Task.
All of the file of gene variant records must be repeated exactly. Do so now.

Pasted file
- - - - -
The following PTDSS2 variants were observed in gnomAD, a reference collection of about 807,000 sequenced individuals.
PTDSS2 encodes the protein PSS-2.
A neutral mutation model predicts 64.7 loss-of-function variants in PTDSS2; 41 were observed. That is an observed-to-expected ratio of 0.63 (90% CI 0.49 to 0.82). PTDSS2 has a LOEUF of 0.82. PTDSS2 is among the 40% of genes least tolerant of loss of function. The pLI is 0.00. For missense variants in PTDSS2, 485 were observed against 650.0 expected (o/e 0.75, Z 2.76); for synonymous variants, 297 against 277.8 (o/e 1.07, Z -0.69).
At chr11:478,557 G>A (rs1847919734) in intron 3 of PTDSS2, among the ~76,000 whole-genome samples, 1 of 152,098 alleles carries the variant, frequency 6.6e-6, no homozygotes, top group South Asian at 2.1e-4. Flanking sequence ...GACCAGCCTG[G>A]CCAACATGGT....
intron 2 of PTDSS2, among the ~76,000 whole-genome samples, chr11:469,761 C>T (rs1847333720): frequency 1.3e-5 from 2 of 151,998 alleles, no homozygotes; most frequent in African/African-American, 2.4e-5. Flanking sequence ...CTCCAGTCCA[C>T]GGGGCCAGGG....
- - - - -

The following PTDSS2 variants were observed in gnomAD, a reference collection of about 807,000 sequenced individuals.
PTDSS2 encodes the protein PSS-2.
A neutral mutation model predicts 64.7 loss-of-function variants in PTDSS2; 41 were observed. That is an observed-to-expected ratio of 0.63 (90% CI 0.49 to 0.82). PTDSS2 has a LOEUF of 0.82. PTDSS2 is among the 40% of genes least tolerant of loss of function. The pLI is 0.00. For missense variants in PTDSS2, 485 were observed against 650.0 expected (o/e 0.75, Z 2.76); for synonymous variants, 297 against 277.8 (o/e 1.07, Z -0.69).
At chr11:478,557 G>A (rs1847919734) in intron 3 of PTDSS2, among the ~76,000 whole-genome samples, 1 of 152,098 alleles carries the variant, frequency 6.6e-6, no homozygotes, top group South Asian at 2.1e-4. Flanking sequence ...GACCAGCCTG[G>A]CCAACATGGT....
intron 2 of PTDSS2, among the ~76,000 whole-genome samples, chr11:469,761 C>T (rs1847333720): frequency 1.3e-5 from 2 of 151,998 alleles, no homozygotes; most frequent in African/African-American, 2.4e-5. Flanking sequence ...CTCCAGTCCA[C>T]GGGGCCAGGG....